• Navigate back to to view your studies in the Study List


Exit code 137

This means Docker ran out of memory. Open Docker Desktop, go to the advanced tab, and increase the amount of Memory available.

Cannot create container for service X

Use this one with caution: docker system prune

X is already running

Stop running all containers:

  • Win: docker ps -a -q | ForEach { docker stop $_ }
  • Linux: docker stop $(docker ps -a -q)


After verifying that everything runs with default configuration values, you will likely want to update:

  • The domain:

OHIF Viewer#

The OHIF Viewer's configuration is imported from a static .js file. The configuration we use is set to a specific file when we build the viewer, and determined by the env variable: APP_CONFIG. You can see where we set its value in the dockerfile for this solution:

ENV APP_CONFIG=config/docker_openresty-orthanc.js

You can find the configuration we're using here: /public/config/docker_openresty-orthanc.js

To rebuild the webapp image created by our dockerfile after updating the Viewer's configuration, you can run:

  • docker-compose build OR
  • docker-compose up --build


All other files are found in: /docker/OpenResty-Orthanc/

OHIF ViewerdockerfileYou're reading them now!
OpenResty (Nginx)/nginx.conflua-resty-openidc

Next Steps#

Deploying to Production#

While these configuration and docker-compose files model an environment suitable for production, they are not easy to deploy "as is". You can either:

Adding SSL#

Adding SSL registration and renewal for your domain with Let's Encrypt that terminates at Nginx is an incredibly important step toward securing your data. Here are some resources, specific to this setup, that may be helpful:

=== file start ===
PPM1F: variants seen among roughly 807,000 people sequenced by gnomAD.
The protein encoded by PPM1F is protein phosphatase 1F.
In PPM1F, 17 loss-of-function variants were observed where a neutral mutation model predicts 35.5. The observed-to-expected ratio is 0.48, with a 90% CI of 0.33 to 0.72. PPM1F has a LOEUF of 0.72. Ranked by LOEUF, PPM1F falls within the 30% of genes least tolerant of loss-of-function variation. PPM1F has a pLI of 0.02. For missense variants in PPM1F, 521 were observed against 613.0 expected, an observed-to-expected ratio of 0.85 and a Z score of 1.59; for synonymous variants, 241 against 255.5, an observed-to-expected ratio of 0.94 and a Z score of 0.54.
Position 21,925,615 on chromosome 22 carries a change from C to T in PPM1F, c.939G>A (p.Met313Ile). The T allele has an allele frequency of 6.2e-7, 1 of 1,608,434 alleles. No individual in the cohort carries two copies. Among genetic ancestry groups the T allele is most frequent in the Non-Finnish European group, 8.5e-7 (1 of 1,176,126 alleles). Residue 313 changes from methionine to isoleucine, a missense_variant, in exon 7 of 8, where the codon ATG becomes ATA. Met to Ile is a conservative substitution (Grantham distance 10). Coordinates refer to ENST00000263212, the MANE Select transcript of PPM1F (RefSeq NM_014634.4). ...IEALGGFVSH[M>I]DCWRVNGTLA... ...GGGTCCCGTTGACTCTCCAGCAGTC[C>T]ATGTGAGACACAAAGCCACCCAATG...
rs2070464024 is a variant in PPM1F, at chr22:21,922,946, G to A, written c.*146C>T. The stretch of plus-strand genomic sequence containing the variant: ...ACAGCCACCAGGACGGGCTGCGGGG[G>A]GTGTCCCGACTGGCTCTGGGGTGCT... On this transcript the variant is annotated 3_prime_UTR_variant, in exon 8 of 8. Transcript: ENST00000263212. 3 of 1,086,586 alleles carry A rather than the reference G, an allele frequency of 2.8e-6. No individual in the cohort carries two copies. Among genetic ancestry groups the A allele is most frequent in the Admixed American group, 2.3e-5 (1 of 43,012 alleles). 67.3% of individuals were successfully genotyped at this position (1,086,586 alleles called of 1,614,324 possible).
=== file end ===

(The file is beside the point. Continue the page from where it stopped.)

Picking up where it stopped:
While we terminate SSL at Nginx, it may be worth using self signed certificates for communication between services.

Use PostgresSQL w/ Orthanc#

Orthanc can handle a large amount of data and requests, but if you find that requests start to slow as you add more and more studies, you may want to configure your Orthanc instance to use PostgresSQL. Instructions on how to do that can be found in the Orthanc Server Book, under "PostgreSQL and Orthanc inside Docker"

Improving This Guide#

Here are some improvements this guide would benefit from, and that we would be more than happy to accept Pull Requests for:

  • SSL Support
  • Complete configuration with .env file (or something similar)
  • Any security issues
  • One-click deploy to a cloud provider


Misc. Helpful Commands#

Check if nginx.conf is valid:

docker run --rm -t -a stdout --name my-openresty -v $PWD/config/:/usr/local/openresty/nginx/conf/:ro openresty/openresty:alpine-fat openresty -c /usr/local/openresty/nginx/conf/nginx.conf -t

Interact w/ running container:

docker exec -it CONTAINER_NAME bash

List running containers:

docker ps

Referenced Articles#

For more documentation on the software we've chosen to use, you may find the following resources helpful:

For a different take on this setup, check out the repositories our community members put together: